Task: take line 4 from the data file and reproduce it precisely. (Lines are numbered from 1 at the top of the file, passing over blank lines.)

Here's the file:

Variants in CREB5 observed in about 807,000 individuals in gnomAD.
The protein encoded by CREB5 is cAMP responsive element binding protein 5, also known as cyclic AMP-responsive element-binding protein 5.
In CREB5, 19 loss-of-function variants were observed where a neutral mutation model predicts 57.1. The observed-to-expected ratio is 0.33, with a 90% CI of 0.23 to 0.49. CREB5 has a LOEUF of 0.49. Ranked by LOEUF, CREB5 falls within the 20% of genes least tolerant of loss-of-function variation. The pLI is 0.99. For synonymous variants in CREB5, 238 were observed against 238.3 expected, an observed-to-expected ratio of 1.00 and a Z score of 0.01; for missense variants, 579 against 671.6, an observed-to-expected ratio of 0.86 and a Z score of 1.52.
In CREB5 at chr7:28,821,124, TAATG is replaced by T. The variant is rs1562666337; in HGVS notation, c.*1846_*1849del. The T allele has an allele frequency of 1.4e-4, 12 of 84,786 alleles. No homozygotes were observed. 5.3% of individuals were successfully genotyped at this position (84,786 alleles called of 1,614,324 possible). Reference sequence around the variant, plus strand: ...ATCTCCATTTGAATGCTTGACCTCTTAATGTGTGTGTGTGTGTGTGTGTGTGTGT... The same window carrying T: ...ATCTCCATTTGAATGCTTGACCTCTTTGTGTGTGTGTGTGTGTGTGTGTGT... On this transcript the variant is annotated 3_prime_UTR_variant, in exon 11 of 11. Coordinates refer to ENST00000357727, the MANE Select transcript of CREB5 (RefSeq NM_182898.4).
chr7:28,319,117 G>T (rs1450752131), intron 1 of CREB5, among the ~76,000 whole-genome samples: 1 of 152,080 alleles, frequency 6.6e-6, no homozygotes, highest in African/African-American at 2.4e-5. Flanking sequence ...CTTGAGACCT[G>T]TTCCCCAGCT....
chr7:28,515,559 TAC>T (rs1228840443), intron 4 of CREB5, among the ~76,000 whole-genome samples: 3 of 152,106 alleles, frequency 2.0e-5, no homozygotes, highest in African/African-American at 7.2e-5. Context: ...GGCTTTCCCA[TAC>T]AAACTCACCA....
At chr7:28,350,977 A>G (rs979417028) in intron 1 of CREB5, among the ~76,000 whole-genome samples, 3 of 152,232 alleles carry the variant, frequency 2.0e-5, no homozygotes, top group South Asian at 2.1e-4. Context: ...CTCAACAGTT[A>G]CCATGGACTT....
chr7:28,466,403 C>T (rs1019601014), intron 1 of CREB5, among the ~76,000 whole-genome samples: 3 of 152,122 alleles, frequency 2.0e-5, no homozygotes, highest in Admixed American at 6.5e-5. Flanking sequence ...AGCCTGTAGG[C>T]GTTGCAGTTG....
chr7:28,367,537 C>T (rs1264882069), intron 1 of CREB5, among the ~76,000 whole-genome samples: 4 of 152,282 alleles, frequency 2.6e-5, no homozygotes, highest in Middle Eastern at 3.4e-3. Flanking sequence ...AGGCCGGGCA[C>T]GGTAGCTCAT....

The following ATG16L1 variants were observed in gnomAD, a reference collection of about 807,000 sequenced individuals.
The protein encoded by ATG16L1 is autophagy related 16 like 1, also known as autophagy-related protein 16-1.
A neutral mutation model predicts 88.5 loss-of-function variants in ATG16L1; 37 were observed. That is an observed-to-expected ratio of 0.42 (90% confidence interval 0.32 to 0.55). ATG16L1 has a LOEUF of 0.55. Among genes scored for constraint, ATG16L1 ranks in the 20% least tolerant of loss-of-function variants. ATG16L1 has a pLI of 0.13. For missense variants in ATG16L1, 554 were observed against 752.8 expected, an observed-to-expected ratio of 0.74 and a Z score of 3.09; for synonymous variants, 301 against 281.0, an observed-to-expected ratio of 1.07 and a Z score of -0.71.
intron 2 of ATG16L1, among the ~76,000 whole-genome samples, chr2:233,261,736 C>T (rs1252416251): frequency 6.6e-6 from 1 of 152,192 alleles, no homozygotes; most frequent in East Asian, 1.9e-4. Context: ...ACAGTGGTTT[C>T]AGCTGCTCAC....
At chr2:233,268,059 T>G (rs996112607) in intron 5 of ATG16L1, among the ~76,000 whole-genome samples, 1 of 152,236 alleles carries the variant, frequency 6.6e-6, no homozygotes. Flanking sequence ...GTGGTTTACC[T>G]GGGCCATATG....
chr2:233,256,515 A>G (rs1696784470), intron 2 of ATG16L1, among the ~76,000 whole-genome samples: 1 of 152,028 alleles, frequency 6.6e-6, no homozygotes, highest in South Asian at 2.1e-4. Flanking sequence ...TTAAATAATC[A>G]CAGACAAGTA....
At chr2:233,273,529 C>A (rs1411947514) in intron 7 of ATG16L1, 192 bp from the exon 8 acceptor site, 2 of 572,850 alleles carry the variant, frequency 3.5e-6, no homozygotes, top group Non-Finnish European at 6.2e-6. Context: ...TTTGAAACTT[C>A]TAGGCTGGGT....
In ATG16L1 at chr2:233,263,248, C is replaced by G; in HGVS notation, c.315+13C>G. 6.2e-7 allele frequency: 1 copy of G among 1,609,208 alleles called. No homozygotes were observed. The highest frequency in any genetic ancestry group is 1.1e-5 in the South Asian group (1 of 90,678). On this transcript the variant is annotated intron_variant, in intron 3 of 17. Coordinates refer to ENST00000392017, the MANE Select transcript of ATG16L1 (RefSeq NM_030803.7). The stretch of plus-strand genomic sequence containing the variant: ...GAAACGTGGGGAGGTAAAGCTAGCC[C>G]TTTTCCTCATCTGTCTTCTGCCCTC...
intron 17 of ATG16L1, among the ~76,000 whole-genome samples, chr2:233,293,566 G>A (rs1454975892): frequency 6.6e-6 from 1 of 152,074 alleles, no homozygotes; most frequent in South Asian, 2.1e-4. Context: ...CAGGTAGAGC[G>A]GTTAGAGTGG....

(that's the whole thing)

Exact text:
In CREB5 at chr7:28,821,124, TAATG is replaced by T. The variant is rs1562666337; in HGVS notation, c.*1846_*1849del. The T allele has an allele frequency of 1.4e-4, 12 of 84,786 alleles. No homozygotes were observed. 5.3% of individuals were successfully genotyped at this position (84,786 alleles called of 1,614,324 possible). Reference sequence around the variant, plus strand: ...ATCTCCATTTGAATGCTTGACCTCTTAATGTGTGTGTGTGTGTGTGTGTGTGTGT... The same window carrying T: ...ATCTCCATTTGAATGCTTGACCTCTTTGTGTGTGTGTGTGTGTGTGTGTGT... On this transcript the variant is annotated 3_prime_UTR_variant, in exon 11 of 11. Coordinates refer to ENST00000357727, the MANE Select transcript of CREB5 (RefSeq NM_182898.4).